Hey, if Drew Henson calls, tell him
I’m not doing any more interviews.

Jim Weber

Don’t get me wrong — he’s polite and engaging.
But I can’t continue to watch him go through denial. Let him
know I’ll be here for him when he’s ready for the other
three stages of grief.

We met in the summer of 2001 for a story I ran in the Daily. He
had just left Michigan for the New York Yankees’ Triple-A
affiliate, the Columbus Clippers. He was batting .201 at the
time.

The denial had just started.

Drew said he needed more experience — fair enough, he had
been splitting his time between football and baseball for three
years. The jump to Triple-A ball was too fast.

But what he said next was a red flag for denial: “The last
three weeks, I’ve been swinging the bat with more confidence
and feeling more comfortable.”

During a background check, I discovered his average actually
dropped during that stretch — pretty tough to do when your
average is so low.

A year later, he was batting just .242 and led the league in
strikeouts. Foolishly, I fed him an excuse, specifically asking
about the difficulty of enduring a full season in the minors.

“Obviously, (the season) is long and I can tell my body is
more tired than it has been,” Henson said in the article I
wrote, which ran in The Detroit Free Press. “The number of
games, the amount of times you come to the ballpark, it takes a
toll on your body. As laid back as baseball is, your body can get
worked down if you let it.”

Henson was starting to sound like Roger Dorn from “Major
League.” Did he really expect me to believe it was more
grueling to field ground balls and take batting practice than to
get blind-sided by a 250-pound linebacker?

Would anything shake this guy up? I had to find out.

I recalled a night during the school year when I met a high
school girlfriend of Drew’s, although I’m sure she
didn’t remember my name five seconds after the
introduction.

So I flipped the interview on him right as it was about to
end.

“By the way,” I said, “(girl’s name)
wanted me to say ‘Hi’ for her.”

Drew immediately froze and took a glazed look to the outfield
for reflection. Then, he muttered, “She’s a cute girl,
she’s a cute girl … ”

100-percent true story.

You see, Drew accepted that he and his ex weren’t meant to
be. Now if only he could come to that realization with his baseball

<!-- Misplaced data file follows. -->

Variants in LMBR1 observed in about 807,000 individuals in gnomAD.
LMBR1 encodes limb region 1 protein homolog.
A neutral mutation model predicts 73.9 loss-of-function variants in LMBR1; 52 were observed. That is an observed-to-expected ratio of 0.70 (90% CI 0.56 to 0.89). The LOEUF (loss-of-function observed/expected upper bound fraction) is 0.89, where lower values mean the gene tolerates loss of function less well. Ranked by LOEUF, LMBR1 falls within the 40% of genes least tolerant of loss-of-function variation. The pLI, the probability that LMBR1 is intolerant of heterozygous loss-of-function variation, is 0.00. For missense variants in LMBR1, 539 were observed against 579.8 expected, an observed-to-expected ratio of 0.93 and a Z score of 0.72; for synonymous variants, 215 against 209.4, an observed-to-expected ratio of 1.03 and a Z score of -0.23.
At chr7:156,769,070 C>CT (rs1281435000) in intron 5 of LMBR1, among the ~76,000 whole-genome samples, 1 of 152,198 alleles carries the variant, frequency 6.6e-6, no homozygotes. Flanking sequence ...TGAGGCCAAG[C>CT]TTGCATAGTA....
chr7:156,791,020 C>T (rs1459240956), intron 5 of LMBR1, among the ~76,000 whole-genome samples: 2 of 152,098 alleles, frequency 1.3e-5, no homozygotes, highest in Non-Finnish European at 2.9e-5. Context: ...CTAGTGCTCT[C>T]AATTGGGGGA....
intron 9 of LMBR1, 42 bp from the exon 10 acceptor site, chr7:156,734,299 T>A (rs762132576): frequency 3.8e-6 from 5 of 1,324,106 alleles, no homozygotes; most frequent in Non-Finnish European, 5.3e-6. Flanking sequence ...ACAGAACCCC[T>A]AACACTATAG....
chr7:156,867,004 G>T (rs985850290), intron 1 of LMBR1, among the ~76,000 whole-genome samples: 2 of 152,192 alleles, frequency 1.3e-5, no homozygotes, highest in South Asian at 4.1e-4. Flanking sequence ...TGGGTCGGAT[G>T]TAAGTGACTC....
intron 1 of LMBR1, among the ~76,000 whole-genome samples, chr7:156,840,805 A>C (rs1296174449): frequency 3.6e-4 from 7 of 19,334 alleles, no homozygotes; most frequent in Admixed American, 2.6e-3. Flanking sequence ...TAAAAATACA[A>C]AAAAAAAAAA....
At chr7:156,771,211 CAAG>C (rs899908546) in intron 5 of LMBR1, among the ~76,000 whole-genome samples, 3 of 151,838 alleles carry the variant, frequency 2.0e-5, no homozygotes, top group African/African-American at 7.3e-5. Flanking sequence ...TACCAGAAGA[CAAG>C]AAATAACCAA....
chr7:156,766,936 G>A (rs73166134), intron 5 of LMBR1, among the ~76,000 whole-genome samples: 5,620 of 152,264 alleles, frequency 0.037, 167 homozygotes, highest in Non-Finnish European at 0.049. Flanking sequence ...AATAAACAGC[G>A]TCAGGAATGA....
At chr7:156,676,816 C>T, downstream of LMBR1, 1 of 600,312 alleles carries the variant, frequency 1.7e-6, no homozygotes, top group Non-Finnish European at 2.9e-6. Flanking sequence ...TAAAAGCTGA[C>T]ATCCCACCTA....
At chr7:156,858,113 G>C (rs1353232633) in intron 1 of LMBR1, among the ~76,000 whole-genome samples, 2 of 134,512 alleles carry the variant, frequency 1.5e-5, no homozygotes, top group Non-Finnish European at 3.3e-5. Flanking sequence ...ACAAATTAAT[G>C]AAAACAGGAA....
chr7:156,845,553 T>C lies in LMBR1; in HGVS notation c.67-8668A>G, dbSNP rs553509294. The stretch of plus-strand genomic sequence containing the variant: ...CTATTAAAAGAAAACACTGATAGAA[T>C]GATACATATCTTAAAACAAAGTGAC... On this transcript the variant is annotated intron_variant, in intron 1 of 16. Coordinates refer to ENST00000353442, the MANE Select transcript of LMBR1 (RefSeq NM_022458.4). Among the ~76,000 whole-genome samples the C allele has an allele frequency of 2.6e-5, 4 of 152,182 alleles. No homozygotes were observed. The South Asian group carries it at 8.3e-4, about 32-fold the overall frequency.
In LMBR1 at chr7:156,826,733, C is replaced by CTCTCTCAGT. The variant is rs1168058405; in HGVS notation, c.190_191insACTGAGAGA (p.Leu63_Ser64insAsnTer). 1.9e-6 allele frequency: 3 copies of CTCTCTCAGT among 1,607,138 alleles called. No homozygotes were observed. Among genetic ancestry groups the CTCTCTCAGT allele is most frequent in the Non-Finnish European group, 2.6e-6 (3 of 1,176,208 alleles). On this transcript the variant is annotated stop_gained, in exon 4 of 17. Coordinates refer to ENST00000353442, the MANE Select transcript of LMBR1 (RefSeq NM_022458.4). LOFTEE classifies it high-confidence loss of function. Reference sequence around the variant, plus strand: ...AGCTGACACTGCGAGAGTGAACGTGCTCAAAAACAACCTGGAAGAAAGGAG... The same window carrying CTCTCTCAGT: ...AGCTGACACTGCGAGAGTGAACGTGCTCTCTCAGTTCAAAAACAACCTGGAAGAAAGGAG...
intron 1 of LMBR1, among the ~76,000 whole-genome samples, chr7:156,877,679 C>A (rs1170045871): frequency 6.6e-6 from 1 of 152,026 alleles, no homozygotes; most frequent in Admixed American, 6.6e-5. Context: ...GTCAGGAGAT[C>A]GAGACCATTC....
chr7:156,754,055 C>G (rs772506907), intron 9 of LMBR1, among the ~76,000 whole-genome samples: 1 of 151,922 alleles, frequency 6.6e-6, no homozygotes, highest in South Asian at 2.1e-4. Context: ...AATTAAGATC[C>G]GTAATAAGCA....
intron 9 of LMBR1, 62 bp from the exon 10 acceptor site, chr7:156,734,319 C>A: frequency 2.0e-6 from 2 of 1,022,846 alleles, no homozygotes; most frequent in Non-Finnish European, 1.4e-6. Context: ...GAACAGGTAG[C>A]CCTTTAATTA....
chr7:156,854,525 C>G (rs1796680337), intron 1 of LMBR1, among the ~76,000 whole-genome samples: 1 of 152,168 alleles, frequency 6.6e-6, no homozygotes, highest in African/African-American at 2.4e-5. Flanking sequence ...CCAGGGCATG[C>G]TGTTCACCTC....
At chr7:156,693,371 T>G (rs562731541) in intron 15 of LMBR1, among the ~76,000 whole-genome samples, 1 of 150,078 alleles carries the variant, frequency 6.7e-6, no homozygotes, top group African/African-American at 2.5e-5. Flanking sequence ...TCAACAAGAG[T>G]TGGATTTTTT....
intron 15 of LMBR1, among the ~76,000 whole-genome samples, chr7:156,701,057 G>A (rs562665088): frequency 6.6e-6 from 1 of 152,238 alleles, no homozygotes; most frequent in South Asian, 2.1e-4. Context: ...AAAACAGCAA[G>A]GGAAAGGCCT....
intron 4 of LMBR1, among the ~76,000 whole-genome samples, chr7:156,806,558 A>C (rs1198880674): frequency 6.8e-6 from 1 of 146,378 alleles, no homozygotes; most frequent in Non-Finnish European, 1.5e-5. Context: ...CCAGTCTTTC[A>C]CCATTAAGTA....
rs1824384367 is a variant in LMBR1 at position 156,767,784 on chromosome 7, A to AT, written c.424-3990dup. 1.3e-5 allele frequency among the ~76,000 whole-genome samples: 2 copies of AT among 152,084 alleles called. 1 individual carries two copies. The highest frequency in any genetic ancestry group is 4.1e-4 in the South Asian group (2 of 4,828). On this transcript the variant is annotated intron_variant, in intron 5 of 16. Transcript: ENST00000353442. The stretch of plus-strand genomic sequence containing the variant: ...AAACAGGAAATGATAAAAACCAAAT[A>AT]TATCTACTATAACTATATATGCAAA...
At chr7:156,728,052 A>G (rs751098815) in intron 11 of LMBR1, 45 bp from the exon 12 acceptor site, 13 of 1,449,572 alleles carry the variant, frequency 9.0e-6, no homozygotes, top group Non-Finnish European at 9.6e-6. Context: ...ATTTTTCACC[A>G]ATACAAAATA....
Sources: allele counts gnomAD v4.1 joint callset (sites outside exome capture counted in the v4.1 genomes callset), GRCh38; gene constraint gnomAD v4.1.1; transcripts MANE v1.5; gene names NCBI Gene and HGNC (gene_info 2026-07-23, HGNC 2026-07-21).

career.

Instead, he’s delved further into denial.

On ESPN’s “Outside the Lines” just a couple
weeks ago, Henson said that he was leaving baseball because he
missed the camaraderie of football. What’s that supposed to
mean — Henson got jealous watching Brett Favre hand out butt
slaps on Sundays?

Drew said he’d still be returning to football even if he
was penciled in as the Yankees third baseman this season —
sorry for the lack of a direct quote, but I’d throw up if I
saw the interview again.

People say he spotted a curveball about as well as Pedro Cerrano
and suffered from paralysis through analysis. Whatever the reason,
it just didn’t work.

It’s sad Drew is ashamed of his failure (and no, playing
nine games for the Yankees doesn’t make the stint a
success).

Maybe the people around Drew have brainwashed him. I mean his
agent at IMG insists Henson could still play Major League Baseball
if he wanted to. I picture this guy like Bob Sugar in “Jerry
McGuire”: constantly referring to Henson as
“baby” and telling him he’s
“money.”

But I think the real problem is that Henson is just so used to
being the “Golden Boy.” Failure — and admitting
failure — just isn’t an option. Want proof? According
to a Michigan football player, Henson said he preferred playing on
the road while he was a Wolverine because of the pressure he felt
in the Big House.

Drew, even Jordan failed at baseball. Jordan also said this:
“I can accept failure. Everyone fails at something. But I
can’t accept not trying.”

I really respect Drew for passing up on being the top pick in
the NFL Draft to fulfill his dream of playing in the Majors
(ignoring the fact he left Michigan out to dry after Lloyd Carr
agreed not to recruit another blue-chip quarterback to compete with
him) and working his ass off to make it come true.

It’s not like Drew is another athlete answering questions
about murder, battery or drug trafficking: There’s no need to
deny anything.

I just hope he doesn’t head to the NFL afraid of failing
again, because that’s the only thing that will stop him from
becoming the type of star he hoped to become in baseball.

Drew, look how easy it is: I personally messed up this
week’s SportsMonday. The last word in Gennaro Filice’s
hockey column (“Fielding Yost’s worst nightmare comes
true”) got cut off on our lead page. Not because of my night
editors, Sharad Mattu and Ellen McGarrity. Not because of the
paper’s computer program, QuarkXPress. And not because of our
online staff, although I’d like to blame them.

I personally ruined SportsMonday’s lead page, and I accept
that.

Hell, there are probably errors all over this colum.

Jim Weber swears all errors in this article are intentional
and can be reached at
“mailto:jamesmw@umich.edu”>jamesmw@umich.edu.

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